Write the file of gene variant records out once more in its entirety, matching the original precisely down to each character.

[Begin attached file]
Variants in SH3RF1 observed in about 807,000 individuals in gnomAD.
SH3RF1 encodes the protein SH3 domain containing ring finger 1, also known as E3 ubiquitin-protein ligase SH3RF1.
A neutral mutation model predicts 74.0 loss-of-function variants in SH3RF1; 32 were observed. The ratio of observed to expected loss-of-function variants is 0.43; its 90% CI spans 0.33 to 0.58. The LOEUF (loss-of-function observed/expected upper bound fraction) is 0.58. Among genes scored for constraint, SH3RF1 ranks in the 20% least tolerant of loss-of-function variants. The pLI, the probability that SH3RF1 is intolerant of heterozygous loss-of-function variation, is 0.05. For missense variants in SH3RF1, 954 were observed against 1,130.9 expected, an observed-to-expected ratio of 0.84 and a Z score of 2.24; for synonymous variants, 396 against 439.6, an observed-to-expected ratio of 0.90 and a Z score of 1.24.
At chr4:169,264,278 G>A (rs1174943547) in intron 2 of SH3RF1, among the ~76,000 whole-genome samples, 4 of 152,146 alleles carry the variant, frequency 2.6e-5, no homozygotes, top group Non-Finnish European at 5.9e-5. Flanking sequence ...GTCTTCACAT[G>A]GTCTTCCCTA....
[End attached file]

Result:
Variants in SH3RF1 observed in about 807,000 individuals in gnomAD.
SH3RF1 encodes the protein SH3 domain containing ring finger 1, also known as E3 ubiquitin-protein ligase SH3RF1.
A neutral mutation model predicts 74.0 loss-of-function variants in SH3RF1; 32 were observed. The ratio of observed to expected loss-of-function variants is 0.43; its 90% CI spans 0.33 to 0.58. The LOEUF (loss-of-function observed/expected upper bound fraction) is 0.58. Among genes scored for constraint, SH3RF1 ranks in the 20% least tolerant of loss-of-function variants. The pLI, the probability that SH3RF1 is intolerant of heterozygous loss-of-function variation, is 0.05. For missense variants in SH3RF1, 954 were observed against 1,130.9 expected, an observed-to-expected ratio of 0.84 and a Z score of 2.24; for synonymous variants, 396 against 439.6, an observed-to-expected ratio of 0.90 and a Z score of 1.24.
At chr4:169,264,278 G>A (rs1174943547) in intron 2 of SH3RF1, among the ~76,000 whole-genome samples, 4 of 152,146 alleles carry the variant, frequency 2.6e-5, no homozygotes, top group Non-Finnish European at 5.9e-5. Flanking sequence ...GTCTTCACAT[G>A]GTCTTCCCTA....